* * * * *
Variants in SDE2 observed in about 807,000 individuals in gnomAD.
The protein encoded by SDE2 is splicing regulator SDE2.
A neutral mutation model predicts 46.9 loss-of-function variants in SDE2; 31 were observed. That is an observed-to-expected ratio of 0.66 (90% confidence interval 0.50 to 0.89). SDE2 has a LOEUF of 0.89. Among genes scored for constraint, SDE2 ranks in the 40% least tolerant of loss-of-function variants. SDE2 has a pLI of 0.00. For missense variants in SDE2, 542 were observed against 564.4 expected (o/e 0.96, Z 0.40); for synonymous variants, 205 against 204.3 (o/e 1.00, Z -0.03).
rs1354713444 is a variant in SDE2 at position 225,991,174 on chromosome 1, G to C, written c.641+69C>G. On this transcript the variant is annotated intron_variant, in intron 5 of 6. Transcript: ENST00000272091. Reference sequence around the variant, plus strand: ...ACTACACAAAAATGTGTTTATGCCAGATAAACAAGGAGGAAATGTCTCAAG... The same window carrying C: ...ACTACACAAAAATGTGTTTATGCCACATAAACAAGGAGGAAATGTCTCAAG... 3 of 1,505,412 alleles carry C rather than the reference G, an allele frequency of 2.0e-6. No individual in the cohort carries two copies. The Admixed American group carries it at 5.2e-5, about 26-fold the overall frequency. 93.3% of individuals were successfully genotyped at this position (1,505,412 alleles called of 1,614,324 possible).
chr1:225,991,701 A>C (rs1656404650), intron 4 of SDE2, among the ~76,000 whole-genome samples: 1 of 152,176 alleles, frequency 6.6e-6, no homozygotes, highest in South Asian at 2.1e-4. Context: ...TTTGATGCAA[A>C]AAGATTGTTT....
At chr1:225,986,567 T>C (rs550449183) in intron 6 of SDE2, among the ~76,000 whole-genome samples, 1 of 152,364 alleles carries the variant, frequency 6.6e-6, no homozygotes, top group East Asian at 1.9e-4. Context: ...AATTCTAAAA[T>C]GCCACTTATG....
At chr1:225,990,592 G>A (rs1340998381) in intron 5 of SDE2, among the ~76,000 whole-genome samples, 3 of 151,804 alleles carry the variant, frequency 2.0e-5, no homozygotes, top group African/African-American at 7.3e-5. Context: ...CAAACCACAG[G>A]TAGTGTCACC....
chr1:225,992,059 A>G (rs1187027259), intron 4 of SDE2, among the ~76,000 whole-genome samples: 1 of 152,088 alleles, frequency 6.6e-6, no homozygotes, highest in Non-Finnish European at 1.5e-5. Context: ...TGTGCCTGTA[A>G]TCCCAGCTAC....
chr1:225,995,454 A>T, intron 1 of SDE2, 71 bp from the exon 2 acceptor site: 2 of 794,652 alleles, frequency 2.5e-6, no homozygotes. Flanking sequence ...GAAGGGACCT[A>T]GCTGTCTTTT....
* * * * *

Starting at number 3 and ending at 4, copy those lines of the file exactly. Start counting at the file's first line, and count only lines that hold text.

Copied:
A neutral mutation model predicts 46.9 loss-of-function variants in SDE2; 31 were observed. That is an observed-to-expected ratio of 0.66 (90% confidence interval 0.50 to 0.89). SDE2 has a LOEUF of 0.89. Among genes scored for constraint, SDE2 ranks in the 40% least tolerant of loss-of-function variants. SDE2 has a pLI of 0.00. For missense variants in SDE2, 542 were observed against 564.4 expected (o/e 0.96, Z 0.40); for synonymous variants, 205 against 204.3 (o/e 1.00, Z -0.03).
rs1354713444 is a variant in SDE2 at position 225,991,174 on chromosome 1, G to C, written c.641+69C>G. On this transcript the variant is annotated intron_variant, in intron 5 of 6. Transcript: ENST00000272091. Reference sequence around the variant, plus strand: ...ACTACACAAAAATGTGTTTATGCCAGATAAACAAGGAGGAAATGTCTCAAG... The same window carrying C: ...ACTACACAAAAATGTGTTTATGCCACATAAACAAGGAGGAAATGTCTCAAG... 3 of 1,505,412 alleles carry C rather than the reference G, an allele frequency of 2.0e-6. No individual in the cohort carries two copies. The Admixed American group carries it at 5.2e-5, about 26-fold the overall frequency. 93.3% of individuals were successfully genotyped at this position (1,505,412 alleles called of 1,614,324 possible).